According to the SA Weather service, Sunday was the hottest day in Port Elizabeth in the last 55 years – the mercury rising to 40.2 C – just short of the record set in March 1965 of 40.7C.

Today, Sunday the 23rd,   many of the same operators are out doing it again for the road race version of the same event.

Thank you to Dave Higgs ZS2DH, for this comprehensive report.

From The Hindu, comes a report of a recent exercise. At an uninhabited island near the mouth of Chilika lagoon, 10 members of the Amateur Radio Society of Odisha (ARSO), with no access to electricity and communication lines, tested their skills and technology to use radio for enhancing preparedness for natural calamities.

The three-day-long second annual field camp at the remote island ended on Sunday, using amateur radio, with minimal power supply being the theme of the camp.

During the devastating Fani cyclone in 2019, Puri district remained without power and telecommunication for several days.

At that time HAM radio became the only means of communication between the Puri collectorate and State secretariat in Bhubaneswar, said ARSO members.

The HAM operators employed high frequency signals to connect with other operators living far away. Participants were able to connect to around 60 such operators in different parts of India and abroad, including three operators in Indonesia, Malaysia and the UAE. The operators contacted in India were located at places like Erode in Kerala, Chandigarh, New Delhi, and Guwahati in Assam.

“Minimal amount of power was used for HAM connectivity and personal use. Only 30-40 watts of electricity from portable small batteries were used for the purpose”, said Gurudatta Panda, a participant at the camp.

ARSO members reached the island on the evening of February 14 and remained cut off from the rest of the world till February 16. To simulate situations during a natural calamity, the group operated without power and conventional modes of communication, and used bamboo poles and domestic electrical wires to construct an antenna tower.

Southgate Amateur Radio News says that a 30-year-old Soviet spy radio has been found by archaeologists in a site cleared for a new lignite mine about 30 km west of Köln in Germany.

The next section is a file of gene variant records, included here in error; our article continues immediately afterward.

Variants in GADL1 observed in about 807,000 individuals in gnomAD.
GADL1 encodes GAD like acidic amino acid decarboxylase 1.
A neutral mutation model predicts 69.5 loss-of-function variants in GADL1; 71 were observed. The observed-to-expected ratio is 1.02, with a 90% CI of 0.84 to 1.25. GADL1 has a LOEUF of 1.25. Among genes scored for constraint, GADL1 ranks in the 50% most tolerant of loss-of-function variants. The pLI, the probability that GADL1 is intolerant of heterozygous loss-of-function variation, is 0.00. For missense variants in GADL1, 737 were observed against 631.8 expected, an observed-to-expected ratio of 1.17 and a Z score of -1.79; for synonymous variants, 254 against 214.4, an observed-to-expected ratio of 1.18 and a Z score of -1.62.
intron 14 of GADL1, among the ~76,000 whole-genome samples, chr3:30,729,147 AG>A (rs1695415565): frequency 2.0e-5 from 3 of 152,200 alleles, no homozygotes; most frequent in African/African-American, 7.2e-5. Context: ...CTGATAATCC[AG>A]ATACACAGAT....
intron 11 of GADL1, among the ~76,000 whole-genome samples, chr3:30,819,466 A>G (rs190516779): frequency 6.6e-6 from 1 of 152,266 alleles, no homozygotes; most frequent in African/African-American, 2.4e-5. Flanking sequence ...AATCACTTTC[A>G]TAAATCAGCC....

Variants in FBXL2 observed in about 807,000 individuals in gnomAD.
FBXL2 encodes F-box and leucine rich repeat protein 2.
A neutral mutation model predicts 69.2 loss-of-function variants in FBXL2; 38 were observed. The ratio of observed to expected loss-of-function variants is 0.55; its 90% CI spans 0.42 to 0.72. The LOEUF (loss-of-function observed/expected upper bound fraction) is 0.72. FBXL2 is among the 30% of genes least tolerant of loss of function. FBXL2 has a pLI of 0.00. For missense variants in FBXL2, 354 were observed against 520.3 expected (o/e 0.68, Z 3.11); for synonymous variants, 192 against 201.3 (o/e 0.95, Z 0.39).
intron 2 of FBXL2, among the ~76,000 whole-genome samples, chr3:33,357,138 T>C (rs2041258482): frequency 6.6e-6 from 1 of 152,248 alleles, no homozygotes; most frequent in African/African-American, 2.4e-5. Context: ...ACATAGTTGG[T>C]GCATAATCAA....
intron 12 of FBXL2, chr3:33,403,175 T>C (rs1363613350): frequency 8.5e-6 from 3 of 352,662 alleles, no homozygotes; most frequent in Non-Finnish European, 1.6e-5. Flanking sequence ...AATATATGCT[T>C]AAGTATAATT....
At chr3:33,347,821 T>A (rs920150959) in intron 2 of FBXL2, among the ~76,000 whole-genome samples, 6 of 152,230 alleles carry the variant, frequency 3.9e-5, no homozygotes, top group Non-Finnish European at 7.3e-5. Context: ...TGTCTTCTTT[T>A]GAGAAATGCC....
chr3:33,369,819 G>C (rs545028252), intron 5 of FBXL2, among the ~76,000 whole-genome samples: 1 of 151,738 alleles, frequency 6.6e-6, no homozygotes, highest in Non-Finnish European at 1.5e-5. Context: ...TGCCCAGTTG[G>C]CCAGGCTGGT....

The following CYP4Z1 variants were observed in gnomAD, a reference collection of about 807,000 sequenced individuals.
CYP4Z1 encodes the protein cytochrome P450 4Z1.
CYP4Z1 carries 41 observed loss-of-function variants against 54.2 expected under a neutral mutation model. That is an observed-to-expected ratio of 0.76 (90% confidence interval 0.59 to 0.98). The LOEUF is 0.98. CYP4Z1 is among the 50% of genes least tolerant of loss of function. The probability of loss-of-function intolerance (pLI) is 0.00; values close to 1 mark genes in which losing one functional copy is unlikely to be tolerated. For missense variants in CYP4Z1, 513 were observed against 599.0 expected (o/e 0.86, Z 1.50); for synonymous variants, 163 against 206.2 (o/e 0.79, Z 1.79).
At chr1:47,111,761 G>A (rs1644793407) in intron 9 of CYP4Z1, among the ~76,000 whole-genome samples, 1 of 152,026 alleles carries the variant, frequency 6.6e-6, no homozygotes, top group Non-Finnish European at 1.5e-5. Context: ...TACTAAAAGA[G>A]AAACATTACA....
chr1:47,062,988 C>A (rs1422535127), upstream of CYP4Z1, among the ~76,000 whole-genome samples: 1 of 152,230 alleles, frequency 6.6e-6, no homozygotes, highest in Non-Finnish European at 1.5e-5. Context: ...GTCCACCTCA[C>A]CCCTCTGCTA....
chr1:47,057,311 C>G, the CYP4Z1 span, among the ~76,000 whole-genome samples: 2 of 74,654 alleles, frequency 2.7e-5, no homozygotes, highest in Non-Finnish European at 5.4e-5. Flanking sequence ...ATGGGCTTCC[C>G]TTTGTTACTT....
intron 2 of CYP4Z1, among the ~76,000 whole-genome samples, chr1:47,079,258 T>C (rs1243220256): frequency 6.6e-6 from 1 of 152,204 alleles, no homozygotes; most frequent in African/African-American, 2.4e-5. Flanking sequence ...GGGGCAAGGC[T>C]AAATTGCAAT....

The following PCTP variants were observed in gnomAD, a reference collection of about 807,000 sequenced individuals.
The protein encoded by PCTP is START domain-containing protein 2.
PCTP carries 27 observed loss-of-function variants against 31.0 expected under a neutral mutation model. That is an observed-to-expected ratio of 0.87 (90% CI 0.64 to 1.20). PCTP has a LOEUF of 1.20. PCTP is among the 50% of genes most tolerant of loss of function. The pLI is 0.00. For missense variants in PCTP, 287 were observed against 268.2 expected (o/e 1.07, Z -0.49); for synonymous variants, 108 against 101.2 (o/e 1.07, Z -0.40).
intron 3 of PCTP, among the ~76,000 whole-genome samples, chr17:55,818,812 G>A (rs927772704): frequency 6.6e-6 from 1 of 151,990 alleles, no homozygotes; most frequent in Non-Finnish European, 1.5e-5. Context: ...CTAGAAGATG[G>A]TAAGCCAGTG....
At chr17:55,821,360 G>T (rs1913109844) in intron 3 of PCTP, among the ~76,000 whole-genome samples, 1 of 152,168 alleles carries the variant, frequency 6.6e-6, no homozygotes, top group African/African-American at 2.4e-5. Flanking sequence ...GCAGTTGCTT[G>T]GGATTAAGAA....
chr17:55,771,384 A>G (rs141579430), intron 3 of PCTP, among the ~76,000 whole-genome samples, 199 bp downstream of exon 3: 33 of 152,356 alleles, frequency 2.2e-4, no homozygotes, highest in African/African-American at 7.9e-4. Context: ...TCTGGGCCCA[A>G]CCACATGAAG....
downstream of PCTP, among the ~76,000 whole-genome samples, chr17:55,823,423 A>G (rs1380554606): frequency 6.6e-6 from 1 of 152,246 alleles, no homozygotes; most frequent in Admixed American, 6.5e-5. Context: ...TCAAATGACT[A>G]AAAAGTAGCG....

Live Science reports that the spy radio was buried inside a large metal box that was hermetically sealed with a rubber ring and metal screws. Although the radio's batteries had run down after almost 30 years in the ground, the box hissed with inrushing air when it was opened.

The radio has been identified as a model R-394KM transmitter and receiver — code-named "Strizh," meaning "Swift" — that was manufactured in the Soviet Union in 1987. It was carried by agents into Western Europe shortly after that, and only a few years before the fall between 1989 and 1991 of the "Iron Curtain" of communism that divided Eastern and Western Europe.

The high-frequency or shortwave radio was capable of transmitting and receiving messages as far as 1,200 km — far enough to reach Warsaw in Poland, which was then part of the Soviet bloc.

Now to finish, some more coronavirus research news. It appears that bats in China and Borneo have been the subjects of research ever since the SARS epidemic in 2002 in China. About 5 years ago, research showed that some of these bats were harbouring up to 400 species of coronavirus. Further studies showed that some local humans had been in the caves these bats inhabited, so these people were tested for coronavirus antibodies, and some were found positive for the bat viruses, even though they had not had serious illness.

Moving forward now to the present, comparing the SARS-CoV-2 virus genetic material to that of some of the 400 bat coronaviruses previously identified proved a very strong correlation between the two, suggesting that the original animal-to-human transmission may have been from bats. However, it is possible that there was an intermediate animal host, perhaps kept at the live animal market in Wuhan.

Good news is that reviewing the statistics reveals very few children and infants infected, and no deaths at all among children. Another worry seems to have been reduced by news of 9 pregnant women, who were sick with COVID-19 in the last weeks of their pregnancies, and all of whom needed Caesars for reasons unrelated to COVID-19. In spite of the Moms still being sick at the time of their Caesars, researchers were unable to find any trace of the virus in the 9 children, their amniotic fluid, placentas or cord blood. None of those children got sick! Isn’t that wonderful news?!

Numbers continue to climb. There are about 77000 cases reported now, almost 2500 deaths, but nearly 19000 completely cured and no longer infectious. Let’s hold thumbs for Africa and South Africa. The African continent will not be able to afford to look after patients in their masses if the pandemic arrives here.

 

This is Dave Reece ZS1DFR reporting for HAMNET in South Africa.